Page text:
Today, Microsoft's DirectX Developer Day livestream on Mixer spilled the details on the latest updates to DirectX. There's a new sheriff in town, going by the name DirectX 12 Ultimate. If that sounds like a major update to everything DirectX related, prepare to be underwhelmed. Fundamentally, DirectX 12 Ultimate is an umbrella that now encompasses everything previously under the DirectX 12 term, plus DirectX Raytracing (DXR) 1.1, then tosses in some extensions that are now part of the official spec and add a few new features. DirectX 12 Ultimate will be available with Windows 10 20H1 update (release date yet to be determined).
Also, DirectX 12 Ultimate gets a new logo, where Roman numerals once again rear their archaic approach to counting. Seriously, what is the infatuation with Roman numerals in games and technology? They were abandoned and replaced by Arabic numerals for a reason! I for one refuse to write DirectX XII Ultimate (other than this sentence). Sorry, rant over. I'll carry on now. But seriously, just stop with the Roman numerals unless you're making a game about ancient Rome. Ahem.
Now let's run through what each of the above updates entails. Nvidia provided a pre-briefing covering the DirectX 12 Ultimate announcement, along with the following slides.
First, everything previously in DirectX 12 gets carried over, along with everything from DXR. If you want a DirectX 12 Ultimate capable graphics card, right now that limits your options quite a bit. And by 'limits' we mean that you'll need an Nvidia RTX graphics card. That's not really a problem, considering those are some of the best graphics cards available, but it does leave all of AMD's current generation Navi 1x cards — the RX 5700 XT, RX 5600 XT, and RX 5500 XT — sitting on the sidelines.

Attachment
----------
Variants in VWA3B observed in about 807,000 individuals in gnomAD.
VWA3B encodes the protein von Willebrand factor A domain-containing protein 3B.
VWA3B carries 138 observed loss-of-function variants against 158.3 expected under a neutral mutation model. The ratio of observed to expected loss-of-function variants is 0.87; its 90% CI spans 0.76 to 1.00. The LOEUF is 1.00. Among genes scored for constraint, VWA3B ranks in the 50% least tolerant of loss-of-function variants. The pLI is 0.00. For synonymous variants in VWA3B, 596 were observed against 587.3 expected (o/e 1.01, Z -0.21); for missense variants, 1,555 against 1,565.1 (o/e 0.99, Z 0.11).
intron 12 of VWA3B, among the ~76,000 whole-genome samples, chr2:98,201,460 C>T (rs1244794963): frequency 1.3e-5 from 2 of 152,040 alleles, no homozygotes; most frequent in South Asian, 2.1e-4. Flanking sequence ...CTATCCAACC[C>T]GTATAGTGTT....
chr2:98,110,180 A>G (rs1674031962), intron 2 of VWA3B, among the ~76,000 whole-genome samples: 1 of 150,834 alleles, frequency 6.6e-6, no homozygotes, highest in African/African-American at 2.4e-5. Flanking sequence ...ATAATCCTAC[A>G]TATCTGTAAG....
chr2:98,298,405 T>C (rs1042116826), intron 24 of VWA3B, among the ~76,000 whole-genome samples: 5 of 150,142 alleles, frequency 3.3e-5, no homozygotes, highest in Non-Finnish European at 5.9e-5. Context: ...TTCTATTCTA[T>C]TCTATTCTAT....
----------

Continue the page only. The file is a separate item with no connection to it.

DirectX Raytracing 1.1 is a minor update to the initial DXR API, as there are no hardware changes. DXR 1.1 (opens in new tab) includes some new techniques, like inline ray tracing and indirect execution of rays. That's fundamentally the same as Vulkan RT's ray queries, as far as I understand it, and it provides developers a way of launching a single ray tracing calculation from a shader rather than large groups of rays. Basically, it's ray tracing execution decided at run time rather than being pre-defined.
Along with DXR 1.1 and DX12 features, Variable Rate Shading (VRS) tier 2, Mesh Shaders and Sampler Feedback are all part of the new DX12 Ultimate API. VRS enables higher performance by running fewer shading calculations on surfaces that are deemed less important — areas where the extra detail (eg, a flat colored texture) won't matter visually. Mesh shaders were previously an Nvidia extension and allow for the more efficient processing of large amounts of data. Finally, sampler feedback basically allows for a more efficient use of VRAM. Microsoft has a detailed explanation of sampler feedback (opens in new tab) and why it's important, but the key takeaway is that it could potentially mean a game would only need to commit (access) one tenth as much memory.
One of the major purposes of DirectX 12 Ultimate is to provide a unified target platform for both PC and the upcoming Xbox Series X. That also means that, while Nvidia's RTX 20-series GPUs are currently the only DirectX 12 Ultimate capable GPUs, that won't be the case once AMD's RDNA 2 and Navi 2x GPUs arrive later this year — a Navi 2x GPU will be present in the Xbox Series X.
For PC gamers, the benefit of the DirectX 12 Ultimate branding is that you'll know that the hardware you're purchasing supports the latest complete feature set. Future additions to the DirectX API will occur, of course, but at least every DX12 Ultimate GPU will have at a minimum the same capabilities as the Xbox Series X. Not that we have any games that require everything currently available, but those might start showing up next year. And by that time, AMD's next generation RDNA 2 / Navi 2x graphics cards will be available.